PK 044: Silencing Your Inner Critic. Interview with Artist Byron Slaybaugh

PK 044: Silencing Your Inner Critic. Interview with Artist Byron Slaybaugh 2 044 Byron Slaybaugh Podcast 01 1

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Motion designer Byron Slaybaugh has had to make many choices as an artist.

“It’s hard to set your inner critic aside, but it’s very important to do this. You just never know what possibilities could open up.”


Silencing your inner critic can be one of the hardest things to do as an artist.

In this interview, we talk to Byron Slaybaugh, a successful freelance motion designer who previously worked at Reel FX.

However, he didn’t set out to be an artist.

At first, he even considered psychology as a career. And, it took a whole lot of soul-searching to make him change his mind and follow his true passion.

Like many students, Byron was overwhelmed with options in his final year of high school. It’s almost like there were simply too many things to choose from.

Should he opt for a ‘sensible’ career like many of his contemporaries….or should he go for the career that, deep down, he always wanted? Luckily, the path was about to become clearer.

He says: “Because I was considering psychology as a career, I ended up going to one of those orientation meetings. But it wasn’t for me. I ended up walking out after just 15 minutes!”

So how did he know becoming an artist was the right career path? And, how can you learn more about silencing your inner critic?

“I was always drawing and making stuff from an early age,” he explains. “Then, during my freshman year at high school, I started to learn Photoshop. Luckily, I had a really supportive teacher who gave me a book on this subject and said I could do that as my art project.

How Byron Slaybaugh Learned From His Early Mistakes

Looking back now, he can laugh about his early attempts at digital art, saying: “Remember the Plastic Wrap filter in Photoshop? I put it on just about everything!”

And, because he wasn’t afraid of the program, he soon learned lots from making as many mistakes as possible.

But it wasn’t just Adobe’s slick software that inspired him. It took an early introduction to the work of Pixar studios to convince him that art was the way to go.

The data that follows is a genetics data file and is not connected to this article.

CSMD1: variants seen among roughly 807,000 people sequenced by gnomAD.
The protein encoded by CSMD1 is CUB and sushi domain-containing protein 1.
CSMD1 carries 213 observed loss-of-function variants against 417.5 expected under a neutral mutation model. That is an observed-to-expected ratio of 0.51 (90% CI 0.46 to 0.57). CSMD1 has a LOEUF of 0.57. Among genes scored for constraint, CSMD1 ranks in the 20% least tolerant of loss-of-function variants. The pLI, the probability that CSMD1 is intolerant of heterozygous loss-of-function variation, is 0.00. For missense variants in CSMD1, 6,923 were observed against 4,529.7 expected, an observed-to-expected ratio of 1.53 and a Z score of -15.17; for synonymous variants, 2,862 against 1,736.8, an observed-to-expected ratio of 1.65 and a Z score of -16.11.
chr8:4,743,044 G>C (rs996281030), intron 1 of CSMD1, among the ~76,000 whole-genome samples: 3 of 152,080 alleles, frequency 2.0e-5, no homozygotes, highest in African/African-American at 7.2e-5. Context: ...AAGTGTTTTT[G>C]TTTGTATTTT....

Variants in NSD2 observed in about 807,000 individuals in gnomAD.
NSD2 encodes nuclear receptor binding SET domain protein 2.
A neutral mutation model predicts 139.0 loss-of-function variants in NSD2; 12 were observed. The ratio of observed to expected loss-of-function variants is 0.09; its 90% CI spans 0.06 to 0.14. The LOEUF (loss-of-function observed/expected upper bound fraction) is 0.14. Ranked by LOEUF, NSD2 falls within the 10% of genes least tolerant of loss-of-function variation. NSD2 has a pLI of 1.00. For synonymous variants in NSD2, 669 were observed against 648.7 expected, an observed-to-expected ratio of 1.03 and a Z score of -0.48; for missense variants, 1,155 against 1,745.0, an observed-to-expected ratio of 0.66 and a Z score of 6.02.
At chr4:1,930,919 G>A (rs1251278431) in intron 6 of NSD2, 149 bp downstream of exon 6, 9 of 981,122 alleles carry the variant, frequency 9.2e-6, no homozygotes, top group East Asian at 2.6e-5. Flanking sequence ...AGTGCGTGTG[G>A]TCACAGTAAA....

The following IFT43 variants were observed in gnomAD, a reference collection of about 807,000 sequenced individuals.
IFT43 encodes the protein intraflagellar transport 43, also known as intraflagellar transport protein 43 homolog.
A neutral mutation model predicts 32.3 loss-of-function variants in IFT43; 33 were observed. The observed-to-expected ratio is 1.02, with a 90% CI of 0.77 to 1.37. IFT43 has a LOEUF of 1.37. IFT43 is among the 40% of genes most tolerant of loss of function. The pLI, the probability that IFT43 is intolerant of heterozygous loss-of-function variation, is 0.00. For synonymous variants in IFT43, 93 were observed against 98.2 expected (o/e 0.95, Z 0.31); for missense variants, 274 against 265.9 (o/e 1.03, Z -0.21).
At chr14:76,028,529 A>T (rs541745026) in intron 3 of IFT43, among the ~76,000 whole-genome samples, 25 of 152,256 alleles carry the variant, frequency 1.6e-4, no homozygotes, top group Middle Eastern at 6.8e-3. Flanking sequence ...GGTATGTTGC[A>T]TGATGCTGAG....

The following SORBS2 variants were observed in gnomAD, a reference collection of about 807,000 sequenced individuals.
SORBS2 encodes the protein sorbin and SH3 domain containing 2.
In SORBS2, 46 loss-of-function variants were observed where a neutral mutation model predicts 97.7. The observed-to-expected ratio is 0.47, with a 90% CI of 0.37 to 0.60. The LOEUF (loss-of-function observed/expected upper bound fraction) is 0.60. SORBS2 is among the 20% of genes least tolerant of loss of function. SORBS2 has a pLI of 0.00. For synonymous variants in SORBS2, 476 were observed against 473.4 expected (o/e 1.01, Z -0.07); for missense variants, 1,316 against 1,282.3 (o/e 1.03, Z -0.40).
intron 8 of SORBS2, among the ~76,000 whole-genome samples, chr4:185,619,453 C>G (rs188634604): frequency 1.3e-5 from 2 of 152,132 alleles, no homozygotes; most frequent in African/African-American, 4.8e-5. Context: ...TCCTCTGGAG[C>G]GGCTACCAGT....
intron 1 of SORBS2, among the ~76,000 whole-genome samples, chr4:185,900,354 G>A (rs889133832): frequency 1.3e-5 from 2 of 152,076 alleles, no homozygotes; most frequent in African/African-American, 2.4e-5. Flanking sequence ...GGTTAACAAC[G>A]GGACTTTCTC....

He says: “I remember being blown away by Toy Story in my junior year. I think that’s probably the first time I’d thought of art as a viable career.”

However, Byron Slaybaugh’s journey from aspiring Photoshop wizard to motion designer wasn’t entirely straightforward.

“I looked at going to all kinds of art schools such as Ringling, but the Academy of Art in San Francisco was my number-one choice. However, I took one look at the cost of going to schools like these, and knew there was no way I could afford it. I applied for all kinds of grants and scholarships, but didn’t get a single one!”

However, all was not lost, because one day, his mom picked up a brochure for The Art Institute of Dallas. It wasn’t on his list of chosen schools, and it didn’t have all the facilities he was looking for, but Byron soon realized that going here was probably the best option he had.

Going to Art School. Yes or No?

So was going to art school a good or bad experience for him?

He says: “I always remember a tutor talking to us in our first quarter at art school. He was asking us to take a good look around, because half of us wouldn’t be there by the time we got to the fifth quarter. I wondered why that was at the time, but it soon became apparent. There was no hand-holding at all. You were very much left to your own devices.”

Looking back, Byron Slaybaugh has mixed feelings about art school. He says the teaching was often lacking, with out-of-date information being presented by tutors who’d been out of the industry for 10 years. However, despite his frustrations, he took it in his stride and kept working towards his end goal.